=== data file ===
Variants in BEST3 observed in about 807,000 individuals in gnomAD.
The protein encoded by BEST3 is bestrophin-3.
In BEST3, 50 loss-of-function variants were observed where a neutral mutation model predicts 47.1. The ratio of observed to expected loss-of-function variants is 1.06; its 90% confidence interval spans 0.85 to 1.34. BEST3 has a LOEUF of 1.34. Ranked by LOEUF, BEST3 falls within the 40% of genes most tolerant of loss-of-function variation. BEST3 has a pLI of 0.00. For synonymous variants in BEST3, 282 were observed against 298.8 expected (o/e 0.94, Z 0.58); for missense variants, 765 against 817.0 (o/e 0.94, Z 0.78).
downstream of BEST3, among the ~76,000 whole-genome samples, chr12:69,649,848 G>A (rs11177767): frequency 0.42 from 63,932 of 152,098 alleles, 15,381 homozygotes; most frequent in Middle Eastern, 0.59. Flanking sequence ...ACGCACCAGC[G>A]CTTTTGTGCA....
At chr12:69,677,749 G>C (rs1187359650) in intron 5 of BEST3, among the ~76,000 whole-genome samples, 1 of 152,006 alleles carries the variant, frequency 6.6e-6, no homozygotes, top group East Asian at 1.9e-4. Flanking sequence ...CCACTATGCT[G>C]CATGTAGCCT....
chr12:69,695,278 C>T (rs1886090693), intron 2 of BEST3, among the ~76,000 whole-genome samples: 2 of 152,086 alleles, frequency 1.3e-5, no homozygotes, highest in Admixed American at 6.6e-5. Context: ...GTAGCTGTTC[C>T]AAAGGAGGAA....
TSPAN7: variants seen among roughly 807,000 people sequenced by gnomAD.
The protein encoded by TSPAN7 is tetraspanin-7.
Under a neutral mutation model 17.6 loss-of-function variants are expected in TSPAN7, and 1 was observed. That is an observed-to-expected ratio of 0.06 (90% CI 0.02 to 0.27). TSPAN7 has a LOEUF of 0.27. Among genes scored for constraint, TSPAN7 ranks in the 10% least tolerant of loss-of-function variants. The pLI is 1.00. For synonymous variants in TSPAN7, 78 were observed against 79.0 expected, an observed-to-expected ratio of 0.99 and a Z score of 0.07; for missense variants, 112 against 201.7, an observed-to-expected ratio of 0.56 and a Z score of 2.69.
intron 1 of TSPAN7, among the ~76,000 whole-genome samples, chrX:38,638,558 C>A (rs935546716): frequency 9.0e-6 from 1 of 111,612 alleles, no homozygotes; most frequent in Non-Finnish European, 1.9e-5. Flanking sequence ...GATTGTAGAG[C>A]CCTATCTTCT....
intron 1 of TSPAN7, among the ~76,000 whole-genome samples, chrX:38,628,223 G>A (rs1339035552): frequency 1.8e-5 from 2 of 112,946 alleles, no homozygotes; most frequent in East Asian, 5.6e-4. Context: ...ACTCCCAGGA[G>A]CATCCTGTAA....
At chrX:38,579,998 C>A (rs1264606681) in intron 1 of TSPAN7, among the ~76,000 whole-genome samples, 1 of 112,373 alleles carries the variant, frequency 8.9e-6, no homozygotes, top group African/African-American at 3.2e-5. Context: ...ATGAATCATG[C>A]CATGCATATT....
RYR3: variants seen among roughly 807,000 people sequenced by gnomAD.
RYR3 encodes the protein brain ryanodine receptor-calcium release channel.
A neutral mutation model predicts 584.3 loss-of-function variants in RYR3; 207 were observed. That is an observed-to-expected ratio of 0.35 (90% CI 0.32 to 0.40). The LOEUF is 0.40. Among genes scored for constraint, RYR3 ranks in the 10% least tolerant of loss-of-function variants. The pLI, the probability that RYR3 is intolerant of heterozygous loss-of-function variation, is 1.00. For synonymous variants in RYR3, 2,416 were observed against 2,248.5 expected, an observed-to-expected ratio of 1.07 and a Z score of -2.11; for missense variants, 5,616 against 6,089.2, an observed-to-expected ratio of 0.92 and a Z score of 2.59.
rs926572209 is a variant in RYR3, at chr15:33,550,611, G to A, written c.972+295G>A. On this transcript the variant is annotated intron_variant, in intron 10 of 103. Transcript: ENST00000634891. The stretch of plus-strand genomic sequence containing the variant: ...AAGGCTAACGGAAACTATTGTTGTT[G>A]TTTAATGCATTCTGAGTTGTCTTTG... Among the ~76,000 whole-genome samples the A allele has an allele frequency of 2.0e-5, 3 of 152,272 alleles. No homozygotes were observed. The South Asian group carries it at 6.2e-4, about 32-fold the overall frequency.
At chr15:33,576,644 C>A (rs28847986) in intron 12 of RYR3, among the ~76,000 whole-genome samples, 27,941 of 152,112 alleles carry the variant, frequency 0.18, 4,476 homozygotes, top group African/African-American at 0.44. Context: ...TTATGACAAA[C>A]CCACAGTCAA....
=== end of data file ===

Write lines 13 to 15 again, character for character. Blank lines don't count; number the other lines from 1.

RYR3: variants seen among roughly 807,000 people sequenced by gnomAD.
RYR3 encodes the protein brain ryanodine receptor-calcium release channel.
A neutral mutation model predicts 584.3 loss-of-function variants in RYR3; 207 were observed. That is an observed-to-expected ratio of 0.35 (90% CI 0.32 to 0.40). The LOEUF is 0.40. Among genes scored for constraint, RYR3 ranks in the 10% least tolerant of loss-of-function variants. The pLI, the probability that RYR3 is intolerant of heterozygous loss-of-function variation, is 1.00. For synonymous variants in RYR3, 2,416 were observed against 2,248.5 expected, an observed-to-expected ratio of 1.07 and a Z score of -2.11; for missense variants, 5,616 against 6,089.2, an observed-to-expected ratio of 0.92 and a Z score of 2.59.